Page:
New Research Suggests That Heightened Screen Time And “Selfie Culture” Are Pushing People To Undergo Plastic Surgery In Order To Replicate Filtered Photos Of Themselves

“However, the filter effects and extensive photo manipulation often create images that are physically unattainable,” the team noted.

The researchers suggest that the altered perception of body image, fueled by “selfie culture,” led to a rise in cosmetic procedures during the pandemic – a period marked by significantly increased screen time. In fact, according to the study, around 3.5 billion individuals were active on social media in 2019, dedicating more than 6.3 hours daily to internet use.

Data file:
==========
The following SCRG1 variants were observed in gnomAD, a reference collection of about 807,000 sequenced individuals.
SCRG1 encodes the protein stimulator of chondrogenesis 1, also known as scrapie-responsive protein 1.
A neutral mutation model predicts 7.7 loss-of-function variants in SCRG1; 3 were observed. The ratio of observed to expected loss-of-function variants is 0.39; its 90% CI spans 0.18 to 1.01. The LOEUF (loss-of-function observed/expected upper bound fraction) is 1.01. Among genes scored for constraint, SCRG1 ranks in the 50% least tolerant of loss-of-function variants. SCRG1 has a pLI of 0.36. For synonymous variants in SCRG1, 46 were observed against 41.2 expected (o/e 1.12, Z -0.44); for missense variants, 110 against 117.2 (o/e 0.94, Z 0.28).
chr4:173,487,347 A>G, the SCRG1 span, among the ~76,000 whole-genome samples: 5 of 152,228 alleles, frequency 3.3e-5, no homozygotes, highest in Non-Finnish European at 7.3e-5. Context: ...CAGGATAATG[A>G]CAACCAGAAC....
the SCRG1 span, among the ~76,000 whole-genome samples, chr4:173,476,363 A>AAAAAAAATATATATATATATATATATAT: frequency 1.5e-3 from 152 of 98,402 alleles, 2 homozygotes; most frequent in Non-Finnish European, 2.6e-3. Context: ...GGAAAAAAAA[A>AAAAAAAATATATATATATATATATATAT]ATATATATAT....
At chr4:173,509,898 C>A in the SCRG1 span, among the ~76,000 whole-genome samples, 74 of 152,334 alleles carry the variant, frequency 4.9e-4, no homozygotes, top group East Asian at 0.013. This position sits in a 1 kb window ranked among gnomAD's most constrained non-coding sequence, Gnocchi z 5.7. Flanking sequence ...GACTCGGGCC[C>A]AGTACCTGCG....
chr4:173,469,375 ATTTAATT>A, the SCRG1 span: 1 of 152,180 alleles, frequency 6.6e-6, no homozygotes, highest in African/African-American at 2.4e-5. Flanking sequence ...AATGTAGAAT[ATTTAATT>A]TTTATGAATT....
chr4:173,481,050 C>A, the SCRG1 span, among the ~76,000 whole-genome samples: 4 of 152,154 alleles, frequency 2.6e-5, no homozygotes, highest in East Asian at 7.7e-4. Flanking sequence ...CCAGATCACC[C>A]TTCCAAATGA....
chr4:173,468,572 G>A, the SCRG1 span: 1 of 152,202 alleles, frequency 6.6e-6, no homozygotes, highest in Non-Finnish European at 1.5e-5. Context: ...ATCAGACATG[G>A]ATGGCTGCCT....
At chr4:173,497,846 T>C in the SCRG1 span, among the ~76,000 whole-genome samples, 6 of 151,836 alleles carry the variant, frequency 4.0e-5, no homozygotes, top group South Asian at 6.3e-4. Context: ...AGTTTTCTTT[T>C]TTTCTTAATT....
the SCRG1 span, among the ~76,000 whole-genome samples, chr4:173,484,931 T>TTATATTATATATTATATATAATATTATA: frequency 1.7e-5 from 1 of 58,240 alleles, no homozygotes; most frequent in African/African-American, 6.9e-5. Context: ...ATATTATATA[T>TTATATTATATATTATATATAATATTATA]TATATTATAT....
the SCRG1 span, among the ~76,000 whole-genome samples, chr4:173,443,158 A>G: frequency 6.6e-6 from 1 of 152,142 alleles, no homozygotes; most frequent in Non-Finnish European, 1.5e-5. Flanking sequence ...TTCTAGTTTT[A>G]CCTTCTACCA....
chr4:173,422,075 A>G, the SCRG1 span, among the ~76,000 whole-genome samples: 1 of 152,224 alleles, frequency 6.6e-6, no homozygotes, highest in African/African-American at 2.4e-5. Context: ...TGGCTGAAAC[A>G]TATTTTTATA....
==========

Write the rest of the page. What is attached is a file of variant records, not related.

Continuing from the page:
“While there was an increase in cosmetic focus during the COVID pandemic, until now, there has not been data highlighting a clear link or factors that made patients more or less likely to participate in cosmetic treatments,” said Dr. Neelam Vashi, one of the study’s authors.

Now, the study’s results have led the researchers to recommend that doctors talk about internet usage with their patients.

“Quality care begins with quality conversations, and we hope this study encourages providers to ask about all aspects of a patient’s life to better understand their motivations and goals of care,” Dr. Vashi concluded.

To read the study’s complete findings, which have since been published in the Journal of Clinical and Aesthetic Dermatology, visit the link here.

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